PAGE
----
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Question: Access to Health Essentials in the Davenport Aboriginal Community

The Hon. T.A. FRANKS (15:21): I seek leave to make a brief explanation before addressing a question to the Minister for Health and Wellbeing on the provision of the health essentials to Aboriginal communities under the COVID pandemic.

Leave granted.

The Hon. T.A. FRANKS: Last year, as we know, 12 Aboriginal communities were subject to restrictions on their movement under the Biosecurity (Human Biosecurity Emergency) (Human Coronavirus with Pandemic Potential) (Emergency Requirements for Remote Communities) Determination 2020 that was applicable to the Davenport Aboriginal community just outside Port Augusta.

While it was implemented on 29 March and repealed in July 2020, during the time it was applied members of that community were heavily restricted, unable to go to their local shops, in terms of the Davenport community to the Port Augusta local services, and consequently the South Australian government afforded them the provision of some of the COVID pandemic health essentials and basics.

My understanding is that, as a result of that restriction on their movements and indeed the challenge of the pandemic, health basics such as toilet paper, hand sanitiser, cleaning products and the like were made available to the Davenport Aboriginal community via the generosity of the Marshall government.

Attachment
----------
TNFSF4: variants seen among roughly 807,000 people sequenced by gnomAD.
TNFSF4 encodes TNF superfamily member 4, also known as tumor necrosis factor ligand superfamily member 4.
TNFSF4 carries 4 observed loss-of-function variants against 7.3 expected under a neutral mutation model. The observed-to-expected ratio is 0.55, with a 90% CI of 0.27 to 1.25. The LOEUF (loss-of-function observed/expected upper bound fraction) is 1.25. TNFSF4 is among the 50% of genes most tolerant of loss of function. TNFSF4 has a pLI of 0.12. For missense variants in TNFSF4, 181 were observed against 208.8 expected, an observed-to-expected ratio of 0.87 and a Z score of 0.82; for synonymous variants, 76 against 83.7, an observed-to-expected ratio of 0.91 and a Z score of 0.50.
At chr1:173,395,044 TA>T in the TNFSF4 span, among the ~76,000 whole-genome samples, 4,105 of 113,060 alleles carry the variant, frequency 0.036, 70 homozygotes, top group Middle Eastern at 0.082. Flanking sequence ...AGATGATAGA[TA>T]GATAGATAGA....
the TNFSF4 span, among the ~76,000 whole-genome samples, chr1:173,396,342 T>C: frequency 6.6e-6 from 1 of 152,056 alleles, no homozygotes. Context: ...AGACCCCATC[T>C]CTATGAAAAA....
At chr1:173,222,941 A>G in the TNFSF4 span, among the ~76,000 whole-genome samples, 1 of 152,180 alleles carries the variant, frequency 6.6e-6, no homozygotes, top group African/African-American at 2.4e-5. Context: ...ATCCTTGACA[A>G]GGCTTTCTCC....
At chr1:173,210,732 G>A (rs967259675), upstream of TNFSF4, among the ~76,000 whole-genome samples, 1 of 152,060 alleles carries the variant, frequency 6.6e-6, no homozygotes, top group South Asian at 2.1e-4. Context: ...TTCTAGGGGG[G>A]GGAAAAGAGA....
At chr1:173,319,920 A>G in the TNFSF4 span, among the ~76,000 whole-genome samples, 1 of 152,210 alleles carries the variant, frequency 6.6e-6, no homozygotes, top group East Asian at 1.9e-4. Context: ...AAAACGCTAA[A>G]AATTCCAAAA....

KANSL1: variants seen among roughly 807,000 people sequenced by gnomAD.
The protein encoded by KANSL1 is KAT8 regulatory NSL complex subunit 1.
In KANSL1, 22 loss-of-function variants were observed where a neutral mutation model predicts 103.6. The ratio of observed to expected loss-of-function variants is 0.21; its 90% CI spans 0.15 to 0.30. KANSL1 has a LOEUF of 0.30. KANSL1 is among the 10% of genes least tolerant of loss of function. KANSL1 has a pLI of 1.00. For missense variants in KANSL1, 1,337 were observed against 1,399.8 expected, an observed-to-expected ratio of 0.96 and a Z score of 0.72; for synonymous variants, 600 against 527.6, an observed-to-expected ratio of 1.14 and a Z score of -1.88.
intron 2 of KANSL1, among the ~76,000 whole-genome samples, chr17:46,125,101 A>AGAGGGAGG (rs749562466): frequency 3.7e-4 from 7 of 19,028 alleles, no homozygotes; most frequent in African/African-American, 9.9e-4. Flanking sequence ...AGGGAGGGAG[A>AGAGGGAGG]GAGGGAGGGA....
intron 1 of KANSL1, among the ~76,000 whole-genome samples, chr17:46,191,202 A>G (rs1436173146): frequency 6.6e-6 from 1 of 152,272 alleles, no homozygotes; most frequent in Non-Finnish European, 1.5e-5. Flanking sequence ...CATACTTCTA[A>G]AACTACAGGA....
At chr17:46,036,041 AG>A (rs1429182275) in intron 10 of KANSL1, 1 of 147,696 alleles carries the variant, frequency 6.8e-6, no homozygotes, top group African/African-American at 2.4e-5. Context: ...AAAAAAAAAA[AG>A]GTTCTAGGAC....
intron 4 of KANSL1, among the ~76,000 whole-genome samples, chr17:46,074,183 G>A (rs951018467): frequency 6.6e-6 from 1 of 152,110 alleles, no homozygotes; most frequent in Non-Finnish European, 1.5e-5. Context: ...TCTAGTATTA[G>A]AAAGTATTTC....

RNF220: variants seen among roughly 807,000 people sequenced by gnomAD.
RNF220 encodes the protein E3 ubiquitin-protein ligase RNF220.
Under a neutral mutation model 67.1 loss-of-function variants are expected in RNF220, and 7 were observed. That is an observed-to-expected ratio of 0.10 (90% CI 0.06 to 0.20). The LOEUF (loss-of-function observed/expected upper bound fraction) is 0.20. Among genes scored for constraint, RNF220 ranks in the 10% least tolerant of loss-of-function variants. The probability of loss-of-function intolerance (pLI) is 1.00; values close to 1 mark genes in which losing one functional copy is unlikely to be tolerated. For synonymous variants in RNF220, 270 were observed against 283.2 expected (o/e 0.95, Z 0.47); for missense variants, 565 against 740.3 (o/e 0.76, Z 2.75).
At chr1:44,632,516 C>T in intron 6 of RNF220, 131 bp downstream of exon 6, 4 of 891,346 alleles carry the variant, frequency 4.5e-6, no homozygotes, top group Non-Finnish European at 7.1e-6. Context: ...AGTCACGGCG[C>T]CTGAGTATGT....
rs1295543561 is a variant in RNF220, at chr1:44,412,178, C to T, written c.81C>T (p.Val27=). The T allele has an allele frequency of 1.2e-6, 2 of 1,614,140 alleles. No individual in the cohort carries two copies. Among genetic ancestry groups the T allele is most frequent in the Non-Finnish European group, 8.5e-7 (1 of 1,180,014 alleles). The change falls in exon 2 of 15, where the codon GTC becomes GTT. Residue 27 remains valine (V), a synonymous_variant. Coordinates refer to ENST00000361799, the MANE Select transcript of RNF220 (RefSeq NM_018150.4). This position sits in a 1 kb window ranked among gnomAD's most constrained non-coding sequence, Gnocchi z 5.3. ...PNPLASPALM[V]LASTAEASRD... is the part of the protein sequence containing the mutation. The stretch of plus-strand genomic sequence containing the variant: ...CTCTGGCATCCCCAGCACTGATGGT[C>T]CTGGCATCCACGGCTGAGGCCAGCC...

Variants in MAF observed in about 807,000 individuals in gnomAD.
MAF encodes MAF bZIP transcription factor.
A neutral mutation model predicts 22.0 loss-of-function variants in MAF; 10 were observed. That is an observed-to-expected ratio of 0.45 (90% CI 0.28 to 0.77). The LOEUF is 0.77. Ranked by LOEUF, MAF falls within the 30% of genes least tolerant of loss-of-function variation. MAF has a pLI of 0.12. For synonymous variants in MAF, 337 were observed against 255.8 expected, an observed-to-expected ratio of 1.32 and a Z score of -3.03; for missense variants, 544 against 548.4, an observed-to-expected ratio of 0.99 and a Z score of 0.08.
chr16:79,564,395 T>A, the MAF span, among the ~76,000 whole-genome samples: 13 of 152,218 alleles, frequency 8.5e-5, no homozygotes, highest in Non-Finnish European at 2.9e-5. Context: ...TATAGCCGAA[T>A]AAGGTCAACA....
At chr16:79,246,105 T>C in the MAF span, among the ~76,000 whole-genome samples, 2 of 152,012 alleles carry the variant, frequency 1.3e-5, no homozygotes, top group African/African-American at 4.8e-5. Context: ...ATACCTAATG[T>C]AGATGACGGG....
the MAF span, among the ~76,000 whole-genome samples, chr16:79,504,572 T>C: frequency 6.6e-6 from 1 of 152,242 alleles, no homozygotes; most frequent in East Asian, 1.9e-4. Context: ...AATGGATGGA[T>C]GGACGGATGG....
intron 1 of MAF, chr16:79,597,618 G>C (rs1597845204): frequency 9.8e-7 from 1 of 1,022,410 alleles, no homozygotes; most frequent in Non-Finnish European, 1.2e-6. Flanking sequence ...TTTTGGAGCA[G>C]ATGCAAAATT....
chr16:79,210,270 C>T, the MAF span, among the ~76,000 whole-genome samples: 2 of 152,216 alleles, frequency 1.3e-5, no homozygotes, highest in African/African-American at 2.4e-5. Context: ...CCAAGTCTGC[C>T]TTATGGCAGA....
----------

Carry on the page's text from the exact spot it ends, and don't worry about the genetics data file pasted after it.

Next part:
My question to the Minister for Health and Wellbeing is: how many of the residents of the Davenport Aboriginal community were actually able to access those health basics, such as toilet paper and hand sanitiser, that were made available to that particular community?

The Hon. S.G. WADE (Minister for Health and Wellbeing) (15:22): I thank the honourable member for her question. As I know, she appreciates that the biosecurity arrangements are under a commonwealth piece of legislation. They were both imposed and lifted by the commonwealth. It would be fair to say that they were very challenging for communities. The honourable member talks about in terms of obtaining essential supplies; it was also very disruptive in terms of their engagement with the broader community, engagement with education and the like.

In relation to the South Australian government's support for that community as they were coping with both the pandemic and the biosecurity restrictions, my understanding is that there were supplies made available to the community. They weren't made available, as I understand it, through SA Health, but rather through the Department of the Premier and Cabinet and specifically the Aboriginal affairs and reconciliation division.

I will certainly seek an answer through the Premier, who is the responsible minister for that division and that department, and bring back a response for the honourable member.

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